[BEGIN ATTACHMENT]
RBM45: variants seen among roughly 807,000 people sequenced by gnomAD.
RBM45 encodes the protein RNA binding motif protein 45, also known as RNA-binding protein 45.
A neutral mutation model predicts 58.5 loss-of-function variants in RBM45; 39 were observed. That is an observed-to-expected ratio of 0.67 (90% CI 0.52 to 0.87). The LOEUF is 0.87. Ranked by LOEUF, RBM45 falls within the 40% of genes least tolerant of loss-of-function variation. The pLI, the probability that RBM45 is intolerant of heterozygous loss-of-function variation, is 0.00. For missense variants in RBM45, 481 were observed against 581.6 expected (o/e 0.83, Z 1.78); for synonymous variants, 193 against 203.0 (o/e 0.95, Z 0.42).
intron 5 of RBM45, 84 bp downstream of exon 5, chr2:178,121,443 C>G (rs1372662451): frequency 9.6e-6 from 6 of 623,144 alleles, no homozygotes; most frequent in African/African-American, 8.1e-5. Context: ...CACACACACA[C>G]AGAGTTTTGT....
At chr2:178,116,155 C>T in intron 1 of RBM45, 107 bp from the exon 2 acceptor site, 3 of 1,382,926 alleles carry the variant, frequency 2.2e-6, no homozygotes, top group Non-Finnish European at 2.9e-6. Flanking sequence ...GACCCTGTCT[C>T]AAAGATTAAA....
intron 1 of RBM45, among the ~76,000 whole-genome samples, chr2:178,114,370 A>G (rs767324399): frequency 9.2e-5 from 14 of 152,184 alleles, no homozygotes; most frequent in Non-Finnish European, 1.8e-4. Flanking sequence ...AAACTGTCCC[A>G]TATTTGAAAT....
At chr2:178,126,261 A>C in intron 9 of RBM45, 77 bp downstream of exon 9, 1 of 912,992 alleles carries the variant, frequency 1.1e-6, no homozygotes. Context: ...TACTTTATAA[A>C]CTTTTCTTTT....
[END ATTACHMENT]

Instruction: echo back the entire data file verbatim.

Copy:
RBM45: variants seen among roughly 807,000 people sequenced by gnomAD.
RBM45 encodes the protein RNA binding motif protein 45, also known as RNA-binding protein 45.
A neutral mutation model predicts 58.5 loss-of-function variants in RBM45; 39 were observed. That is an observed-to-expected ratio of 0.67 (90% CI 0.52 to 0.87). The LOEUF is 0.87. Ranked by LOEUF, RBM45 falls within the 40% of genes least tolerant of loss-of-function variation. The pLI, the probability that RBM45 is intolerant of heterozygous loss-of-function variation, is 0.00. For missense variants in RBM45, 481 were observed against 581.6 expected (o/e 0.83, Z 1.78); for synonymous variants, 193 against 203.0 (o/e 0.95, Z 0.42).
intron 5 of RBM45, 84 bp downstream of exon 5, chr2:178,121,443 C>G (rs1372662451): frequency 9.6e-6 from 6 of 623,144 alleles, no homozygotes; most frequent in African/African-American, 8.1e-5. Context: ...CACACACACA[C>G]AGAGTTTTGT....
At chr2:178,116,155 C>T in intron 1 of RBM45, 107 bp from the exon 2 acceptor site, 3 of 1,382,926 alleles carry the variant, frequency 2.2e-6, no homozygotes, top group Non-Finnish European at 2.9e-6. Flanking sequence ...GACCCTGTCT[C>T]AAAGATTAAA....
intron 1 of RBM45, among the ~76,000 whole-genome samples, chr2:178,114,370 A>G (rs767324399): frequency 9.2e-5 from 14 of 152,184 alleles, no homozygotes; most frequent in Non-Finnish European, 1.8e-4. Flanking sequence ...AAACTGTCCC[A>G]TATTTGAAAT....
At chr2:178,126,261 A>C in intron 9 of RBM45, 77 bp downstream of exon 9, 1 of 912,992 alleles carries the variant, frequency 1.1e-6, no homozygotes. Context: ...TACTTTATAA[A>C]CTTTTCTTTT....